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  1. #1
    Join Date
    Dec 2010
    Posts
    2

    Default Cabinet Dish Rack

    I have a nice oak cabinet that has a dish rack with wooden dowels.

    The previous owner removed every other dowel. We want to put back the dowels, however it is difficult to re-insert the dowels that were removed.

    Are there any suggestions as to how to put them back??

  2. #2
    Join Date
    Aug 2007
    Posts
    7,195

    Default Re: Cabinet Dish Rack

    Pictures are worth a thousand words.

    What is the width of the cabinet? How is the dish rack assembled? Can the rack be removed from the cabinet? Are you using oak dowels or other species?
    I suffer from CDO ... Its like OCD, but in alphabetical order, LIKE IT SHOULD BE!!!

  3. #3
    Join Date
    Dec 2010
    Posts
    2

    Default Re: Cabinet Dish Rack

    The cabinet is 12 inches wide and the dowels are oak to match the cabinet. It does not appear that the rack can be removed from the cabinet, I do not see any screws or nails holding it. The rack has two tracks running side by side (top and bottom) the width of the cabinet. Sorry no pictures at this time.

  4. #4
    Join Date
    Jun 2007
    Posts
    143

    Smile Re: Cabinet Dish Rack

    I have done a few projects using dowels and I think I can help you. You say this is an old cabinet that someone had and has some age to it. You also say you are having trouble puting the dowels back in.
    First off I would take a look inside the dowel holes. Is there any wood left inside from perhaps a slightly splintered dowel? It can happen even to oak as I have seen that a few times. If so you need to remove that wood as it is causing you problems. How about glue do you see any old glue inside of the dowel holes? You also need to remove any old glue too. I think the dowels you mention are what they call coat dowels but can be used for towels,a link to where you can find replacements if needed is further on in my post.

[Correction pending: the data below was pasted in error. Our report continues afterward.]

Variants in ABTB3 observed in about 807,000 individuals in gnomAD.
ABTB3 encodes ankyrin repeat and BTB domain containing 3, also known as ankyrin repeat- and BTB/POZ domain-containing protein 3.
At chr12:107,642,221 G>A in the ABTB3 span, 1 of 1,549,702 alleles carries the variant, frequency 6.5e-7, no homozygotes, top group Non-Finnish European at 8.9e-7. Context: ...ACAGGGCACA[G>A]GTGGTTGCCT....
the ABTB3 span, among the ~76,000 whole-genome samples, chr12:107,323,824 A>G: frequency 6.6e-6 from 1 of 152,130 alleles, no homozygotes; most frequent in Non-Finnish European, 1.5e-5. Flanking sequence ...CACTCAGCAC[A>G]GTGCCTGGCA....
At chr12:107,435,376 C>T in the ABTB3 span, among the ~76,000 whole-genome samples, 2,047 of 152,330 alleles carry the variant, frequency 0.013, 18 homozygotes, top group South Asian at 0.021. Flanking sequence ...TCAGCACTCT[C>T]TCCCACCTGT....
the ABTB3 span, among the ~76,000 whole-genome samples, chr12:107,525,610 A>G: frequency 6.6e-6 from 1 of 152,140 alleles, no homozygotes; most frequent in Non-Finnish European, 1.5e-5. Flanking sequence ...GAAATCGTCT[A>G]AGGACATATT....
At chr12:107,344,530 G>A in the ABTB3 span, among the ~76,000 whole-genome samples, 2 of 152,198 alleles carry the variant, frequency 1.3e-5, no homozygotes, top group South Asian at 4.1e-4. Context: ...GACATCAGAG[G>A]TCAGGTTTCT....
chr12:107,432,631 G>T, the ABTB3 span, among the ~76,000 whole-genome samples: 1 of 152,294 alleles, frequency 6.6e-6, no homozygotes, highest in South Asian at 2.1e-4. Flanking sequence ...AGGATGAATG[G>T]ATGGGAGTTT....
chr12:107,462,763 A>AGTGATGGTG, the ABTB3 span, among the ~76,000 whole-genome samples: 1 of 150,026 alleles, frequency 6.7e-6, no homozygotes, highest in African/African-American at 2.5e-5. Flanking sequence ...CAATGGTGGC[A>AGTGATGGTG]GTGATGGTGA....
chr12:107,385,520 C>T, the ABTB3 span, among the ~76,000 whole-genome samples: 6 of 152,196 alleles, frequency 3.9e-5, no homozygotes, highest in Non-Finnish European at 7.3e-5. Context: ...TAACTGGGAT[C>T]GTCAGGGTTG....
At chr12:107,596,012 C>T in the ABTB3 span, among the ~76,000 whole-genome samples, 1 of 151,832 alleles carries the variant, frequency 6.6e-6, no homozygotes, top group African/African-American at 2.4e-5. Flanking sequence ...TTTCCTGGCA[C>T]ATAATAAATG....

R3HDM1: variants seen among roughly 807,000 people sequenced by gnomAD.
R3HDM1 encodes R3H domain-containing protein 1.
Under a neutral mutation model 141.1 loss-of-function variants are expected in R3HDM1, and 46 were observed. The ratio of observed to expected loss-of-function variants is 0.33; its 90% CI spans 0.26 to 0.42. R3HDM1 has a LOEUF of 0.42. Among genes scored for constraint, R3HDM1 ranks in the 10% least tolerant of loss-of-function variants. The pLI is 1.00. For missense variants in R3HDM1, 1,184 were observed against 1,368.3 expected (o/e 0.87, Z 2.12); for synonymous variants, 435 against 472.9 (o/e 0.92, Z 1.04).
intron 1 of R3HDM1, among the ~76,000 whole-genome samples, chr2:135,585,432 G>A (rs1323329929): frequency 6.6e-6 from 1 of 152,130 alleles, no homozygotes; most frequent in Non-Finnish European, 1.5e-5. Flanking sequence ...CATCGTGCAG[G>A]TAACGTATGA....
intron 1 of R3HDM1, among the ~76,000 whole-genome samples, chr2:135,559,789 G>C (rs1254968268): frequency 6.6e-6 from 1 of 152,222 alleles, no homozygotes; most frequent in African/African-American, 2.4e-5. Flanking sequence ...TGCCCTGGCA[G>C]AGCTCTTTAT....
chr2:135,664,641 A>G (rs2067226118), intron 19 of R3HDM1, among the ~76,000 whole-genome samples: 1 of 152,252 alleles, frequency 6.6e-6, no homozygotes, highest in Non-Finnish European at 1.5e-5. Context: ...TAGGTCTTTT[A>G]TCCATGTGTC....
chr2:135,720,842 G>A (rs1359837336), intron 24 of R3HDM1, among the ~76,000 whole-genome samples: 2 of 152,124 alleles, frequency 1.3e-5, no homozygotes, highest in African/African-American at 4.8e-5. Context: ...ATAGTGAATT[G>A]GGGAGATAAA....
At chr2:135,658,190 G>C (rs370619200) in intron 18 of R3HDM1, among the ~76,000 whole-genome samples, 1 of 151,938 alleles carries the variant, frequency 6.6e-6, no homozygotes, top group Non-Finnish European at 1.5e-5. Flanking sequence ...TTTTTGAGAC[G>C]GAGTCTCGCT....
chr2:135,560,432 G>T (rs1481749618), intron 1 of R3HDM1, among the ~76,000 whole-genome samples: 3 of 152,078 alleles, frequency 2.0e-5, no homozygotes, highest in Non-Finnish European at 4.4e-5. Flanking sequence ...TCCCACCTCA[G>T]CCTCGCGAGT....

I think the best way to remove glue from a dowel hole is to use a wood chisel the same diameter of the dowel hole but not in an up and down motion instead use it to reem out any old glue and bits of stuck on dowel that didn't come out. Don't reem it too much though as your dowel will then not fit. Also with very light sandpaper very lightly sand the dowel until wood just begins to show through the glue on the dowel. Again don't over sand or your dowel will not fit.
    Are your dowels still not fitting? Maybe they are now a bit too loose, a simple solution for that is to use a bit of shim like what you buy to install a window or door with and stick a piece of the slim side in and always use a good brand of glue like Titebond or Elmers wood glue as examples. If you ever have to replace dowels or need a finish for them that is hard to find locally try the Woodworkers Supply at http://woodworker.com . I have found many great products from them for my wood working needs as well as the special dowels you mention that are sometimes hard to find locally. I hope this helps you and when you are finished with your project I hope you post some pictures. Good luck to you and Merry Christmas and Happy New Year!
    Last edited by hedgeclippers; 12-27-2010 at 02:55 AM. Reason: Spelling

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